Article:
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Administrative Exhaustion May Be Required

Leopold Pedraza is a Texas state prisoner. He filed suit under § 1983 claiming prison officials harassed him because of his race, national origin and prior litigation. At no time did Pedraza file grievances or complaints with prison officials concerning his allegations. A magistrate ordered the suit stayed for ninety days to allow Pedraza time to exhaust administrative remedies. Pedraza did not pursue his administrative remedies and his suit was dismissed.

The court of appeals for the fifth circuit affirmed. The appeals court notes that under 42 U.S.C. § 1997e federal courts have the discretion of requiring prisoners to exhaust prison administrative remedies before having their cases heard in federal court. The purpose of this rule is to reduce the number of prisoners suits in federal courts and improve relations between prisoners and prison officials.

In this case Pedraza admitted he had only gone through one of three steps in the prison grievance process. The appeals court held that "District courts have the power to dismiss prisoners' civil rights complaints with prejudice after granting a section 1997e continuance" when the prisoner does not pursue his administrative remedy. Readers will note that the section 1997e requirement applies only to those prison grievance systems which have been certified by the district court as complying with the statute. The case has a publication date of 1990 but was actually published on May 2, 1994. See: Pedraza v. Ryan, 18 F.3d 288 (5th Cir. 1990).

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Related legal case

Pedraza v. Ryan

Pedraza v. Ryan, 18 F.3d 288 (5th Cir. 11/30/1990)


[2] No. 90-4614, Summary Calendar

[4] decided: November 30, 1990.


[6] Appeal from the United States District Court for the Eastern District of Texas. Previously Reported as Unpublished Opinion in Table Case format at 920 F.2d 930;,

[7] Plaintiff-Appellant: Leopold Lee Pedraza, (Pro Se), Huntsville, TX.

[8] Before Gee, Smith, and Wiener, Circuit Judges.

[9] Author: Per Curiam

[10] Per Curiam:

[11] Plaintiff Leopold Pedraza appeals from the dismissal, for failure to exhaust administrative remedies, of his civil rights action brought pursuant to 42 U.S.C. § 1983. Finding no error, we affirm.

[12] I.

[13] Pedraza, a prisoner in the Texas Department of Criminal Justice (TDCJ), sued TDCJ officers Ryan, Smith, Newman, and Ritter. Pedraza alleged that the defendants violated his constitutional rights by harassing and humiliating him because (1) he is "a Brown Mexican" [sic]; (2) he submitted "a written statement against officer L. Dyess," who is a friend of Ryan's; (3) he associates with members of the "Black Moslem" [sic] religious sect; (4) he is known as a writ-writer; and (5) he attempted to help another inmate file an excessive force action against Dyess. Pedraza seeks damages and declaratory relief.

[14] A Spears hearing, see Spears v. McCotter, 766 F.2d 179 (5th Cir.1985), was held at which Pedraza admitted that he did not exhaust administrative remedies by filing grievances with prison officials. The magistrate subsequently prepared a report recommending that the action be stayed for ninety days to allow Pedraza time to exhaust administrative remedies. The report also recommended that should Pedraza fail to exhaust within that time, the complaint should be dismissed with prejudice.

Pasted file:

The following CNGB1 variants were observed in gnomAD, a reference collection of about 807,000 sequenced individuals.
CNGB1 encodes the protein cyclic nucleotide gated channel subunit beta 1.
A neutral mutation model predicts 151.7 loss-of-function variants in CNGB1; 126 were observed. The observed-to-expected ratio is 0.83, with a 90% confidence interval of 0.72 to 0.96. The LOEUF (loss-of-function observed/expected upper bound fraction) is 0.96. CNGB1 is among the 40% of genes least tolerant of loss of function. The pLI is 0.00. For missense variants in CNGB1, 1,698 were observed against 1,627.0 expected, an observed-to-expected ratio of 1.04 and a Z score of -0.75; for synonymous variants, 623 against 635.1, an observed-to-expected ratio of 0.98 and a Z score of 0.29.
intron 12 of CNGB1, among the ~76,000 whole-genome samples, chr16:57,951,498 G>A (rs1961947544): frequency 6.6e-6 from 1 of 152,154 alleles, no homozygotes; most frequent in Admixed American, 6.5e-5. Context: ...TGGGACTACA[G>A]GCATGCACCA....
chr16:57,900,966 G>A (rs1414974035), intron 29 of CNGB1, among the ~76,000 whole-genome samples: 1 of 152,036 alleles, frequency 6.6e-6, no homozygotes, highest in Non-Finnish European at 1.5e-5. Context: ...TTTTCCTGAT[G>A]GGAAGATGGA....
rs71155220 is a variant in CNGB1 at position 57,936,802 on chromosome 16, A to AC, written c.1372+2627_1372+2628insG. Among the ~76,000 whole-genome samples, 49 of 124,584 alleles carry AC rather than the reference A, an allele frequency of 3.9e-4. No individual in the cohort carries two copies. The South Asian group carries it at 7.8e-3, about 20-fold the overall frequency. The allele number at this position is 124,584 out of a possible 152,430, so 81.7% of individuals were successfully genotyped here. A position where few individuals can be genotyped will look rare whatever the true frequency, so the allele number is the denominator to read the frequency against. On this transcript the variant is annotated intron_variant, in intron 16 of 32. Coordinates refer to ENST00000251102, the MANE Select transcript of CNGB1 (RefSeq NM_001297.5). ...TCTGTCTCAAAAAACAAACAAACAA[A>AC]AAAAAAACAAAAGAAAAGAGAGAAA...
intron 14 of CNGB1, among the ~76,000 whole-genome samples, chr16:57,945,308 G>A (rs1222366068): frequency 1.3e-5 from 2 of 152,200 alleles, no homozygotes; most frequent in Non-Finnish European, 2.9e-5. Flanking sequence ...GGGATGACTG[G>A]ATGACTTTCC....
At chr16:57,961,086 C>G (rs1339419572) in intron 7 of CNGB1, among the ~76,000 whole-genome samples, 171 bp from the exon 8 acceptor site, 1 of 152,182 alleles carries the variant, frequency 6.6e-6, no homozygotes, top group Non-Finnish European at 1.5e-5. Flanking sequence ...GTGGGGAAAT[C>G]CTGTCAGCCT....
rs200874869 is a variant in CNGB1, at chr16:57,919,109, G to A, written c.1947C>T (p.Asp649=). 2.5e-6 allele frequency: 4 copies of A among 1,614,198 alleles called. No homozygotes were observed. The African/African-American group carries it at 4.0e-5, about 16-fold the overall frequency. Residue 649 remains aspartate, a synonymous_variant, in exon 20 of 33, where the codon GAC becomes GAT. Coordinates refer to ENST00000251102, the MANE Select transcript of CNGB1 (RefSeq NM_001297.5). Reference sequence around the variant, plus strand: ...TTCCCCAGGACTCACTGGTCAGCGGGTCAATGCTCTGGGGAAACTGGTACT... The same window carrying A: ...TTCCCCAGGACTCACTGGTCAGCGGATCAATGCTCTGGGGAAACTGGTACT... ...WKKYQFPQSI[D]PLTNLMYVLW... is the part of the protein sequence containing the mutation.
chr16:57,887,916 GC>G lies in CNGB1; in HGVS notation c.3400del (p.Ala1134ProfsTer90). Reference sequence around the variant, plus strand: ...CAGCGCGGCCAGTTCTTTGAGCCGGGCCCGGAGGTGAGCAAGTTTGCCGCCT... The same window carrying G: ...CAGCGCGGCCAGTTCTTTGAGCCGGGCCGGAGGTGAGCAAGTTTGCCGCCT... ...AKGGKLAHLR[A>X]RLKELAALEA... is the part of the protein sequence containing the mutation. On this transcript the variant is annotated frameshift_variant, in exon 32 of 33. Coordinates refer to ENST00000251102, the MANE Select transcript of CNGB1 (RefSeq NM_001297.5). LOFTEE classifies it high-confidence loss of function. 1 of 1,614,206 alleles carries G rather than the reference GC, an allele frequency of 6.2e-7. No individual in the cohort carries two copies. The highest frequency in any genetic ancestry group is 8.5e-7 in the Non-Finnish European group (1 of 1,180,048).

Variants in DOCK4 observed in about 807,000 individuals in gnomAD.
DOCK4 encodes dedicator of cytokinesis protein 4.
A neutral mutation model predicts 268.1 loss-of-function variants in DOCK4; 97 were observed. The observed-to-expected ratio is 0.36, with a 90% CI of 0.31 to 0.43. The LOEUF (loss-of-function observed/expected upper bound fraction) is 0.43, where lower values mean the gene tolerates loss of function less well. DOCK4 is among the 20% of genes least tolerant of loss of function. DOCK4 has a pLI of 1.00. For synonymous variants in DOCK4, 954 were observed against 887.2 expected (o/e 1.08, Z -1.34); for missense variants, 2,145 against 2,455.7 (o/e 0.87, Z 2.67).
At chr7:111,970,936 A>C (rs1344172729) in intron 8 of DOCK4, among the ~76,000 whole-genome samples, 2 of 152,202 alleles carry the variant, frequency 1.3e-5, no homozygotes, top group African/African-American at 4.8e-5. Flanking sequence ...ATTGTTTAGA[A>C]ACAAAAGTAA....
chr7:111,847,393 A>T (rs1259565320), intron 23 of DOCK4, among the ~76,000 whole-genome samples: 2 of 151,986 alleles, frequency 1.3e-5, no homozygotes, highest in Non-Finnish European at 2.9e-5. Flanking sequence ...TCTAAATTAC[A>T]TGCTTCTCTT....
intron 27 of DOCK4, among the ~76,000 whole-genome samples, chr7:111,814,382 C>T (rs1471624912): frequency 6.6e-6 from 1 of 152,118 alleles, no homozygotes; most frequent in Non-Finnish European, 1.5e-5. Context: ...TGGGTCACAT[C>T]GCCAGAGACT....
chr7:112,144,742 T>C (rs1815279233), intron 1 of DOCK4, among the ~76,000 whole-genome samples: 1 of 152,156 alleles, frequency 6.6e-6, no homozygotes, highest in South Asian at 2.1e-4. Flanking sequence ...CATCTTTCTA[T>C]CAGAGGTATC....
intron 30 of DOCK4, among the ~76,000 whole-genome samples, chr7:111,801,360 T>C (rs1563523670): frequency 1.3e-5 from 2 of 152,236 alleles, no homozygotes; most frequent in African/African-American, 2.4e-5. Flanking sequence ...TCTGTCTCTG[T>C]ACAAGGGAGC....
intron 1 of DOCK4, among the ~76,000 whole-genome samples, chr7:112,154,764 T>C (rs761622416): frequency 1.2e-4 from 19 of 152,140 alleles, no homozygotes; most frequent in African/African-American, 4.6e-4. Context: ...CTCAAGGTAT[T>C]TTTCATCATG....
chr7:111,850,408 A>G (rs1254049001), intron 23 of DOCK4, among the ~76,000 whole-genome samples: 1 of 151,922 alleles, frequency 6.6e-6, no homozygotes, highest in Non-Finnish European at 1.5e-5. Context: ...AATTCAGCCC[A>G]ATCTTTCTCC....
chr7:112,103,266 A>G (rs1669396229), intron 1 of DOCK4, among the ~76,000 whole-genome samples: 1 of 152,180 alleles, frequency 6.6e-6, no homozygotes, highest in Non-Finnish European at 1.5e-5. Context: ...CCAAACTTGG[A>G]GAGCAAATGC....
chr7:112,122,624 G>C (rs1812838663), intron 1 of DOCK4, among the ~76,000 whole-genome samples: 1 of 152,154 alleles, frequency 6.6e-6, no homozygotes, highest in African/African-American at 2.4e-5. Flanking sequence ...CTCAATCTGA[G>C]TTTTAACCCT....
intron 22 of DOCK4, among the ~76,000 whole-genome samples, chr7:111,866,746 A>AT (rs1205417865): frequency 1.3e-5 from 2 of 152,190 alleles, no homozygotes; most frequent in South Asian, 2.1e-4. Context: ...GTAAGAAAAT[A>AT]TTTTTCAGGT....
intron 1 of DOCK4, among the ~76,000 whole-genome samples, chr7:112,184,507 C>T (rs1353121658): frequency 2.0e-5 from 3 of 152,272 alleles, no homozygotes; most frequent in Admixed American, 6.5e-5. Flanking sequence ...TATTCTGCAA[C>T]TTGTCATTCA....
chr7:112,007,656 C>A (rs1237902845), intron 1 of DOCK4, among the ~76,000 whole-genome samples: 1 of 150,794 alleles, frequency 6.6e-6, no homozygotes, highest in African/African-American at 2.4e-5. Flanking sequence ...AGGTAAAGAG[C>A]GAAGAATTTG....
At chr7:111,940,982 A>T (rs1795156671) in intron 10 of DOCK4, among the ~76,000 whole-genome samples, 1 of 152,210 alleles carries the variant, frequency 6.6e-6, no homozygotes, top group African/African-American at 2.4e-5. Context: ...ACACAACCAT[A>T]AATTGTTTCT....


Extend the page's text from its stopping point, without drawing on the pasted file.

[15] The district court conducted a de novo review and adopted the magistrate's report. Because Pedraza had not exhausted his administrative remedies within the ninety-day period, the action was dismissed with prejudice.

[16] II.

[17] The dismissal of Pedraza's claim for failure to exhaust administrative remedies does not constitute error. On appeal, Pedraza claims that state prisoners may not be held to stricter exhaustion requirements than are other civil rights claimants. He also states that TDCJ administrative remedies are inadequate and are abused by TDCJ officials.

[18] Pedraza's argument fails. Prisoner suits may be handled differently from other section 1983 actions. "In contrast to the normal absence of an exhaustion requirement for section 1983 suits generally, under 42 U.S.C. § 1997e, district courts have discretion to require an inmate to exhaust prison administrative remedies prior to having his case heard in federal court." Rocky v. Vittorie, 813 F.2d 734, 736 (5th Cir.1987). The policy reason behind the requirement is to "reduce the heavy load of prisoner suits in federal courts, and at the same time [to] facilitate improved relations between inmates and prison officials." Id.

[19] The administrative procedures of the Texas Department of Corrections (TDCJ's predecessor agency) have been certified by the district court to be in compliance with minimum standards as provided in 42 U.S.C. §§ 1997e(a)(2) and (b). In re Texas Department of Corrections Grievance Procedure, Misc. TY-89-57, H-89-316 (E.D.Tex. & S.D.Tex. June 14, 1989). Pedraza admitted at the evidentiary hearing that he did not try to exhaust his remedies.

[20] On appeal, Pedraza now attaches to his brief a TDCJ "Inter-Office Communications" that states that "the problem you state in this grievance, is not a grievable issue through the 'INMATE GRIEVANCE PROCEDURES.'" It is not clear whether this document is in relation to the instant claim, particularly since at the evidentiary hearing, Mr. McVey, administrator of the TDCJ grievance procedure, stated that Pedraza's claims constitute reviewable issues.

[21] In any event, Pedraza does not claim to have gone through more than one step out of the three steps in the grievance procedure. Therefore, he did not exhaust administrative remedies. District courts have the power to dismiss prisoners' civil rights complaints with prejudice after granting a section 1997e continuance. Rocky, 813 F.2d at 736. Because no error was committed, we AFFIRM.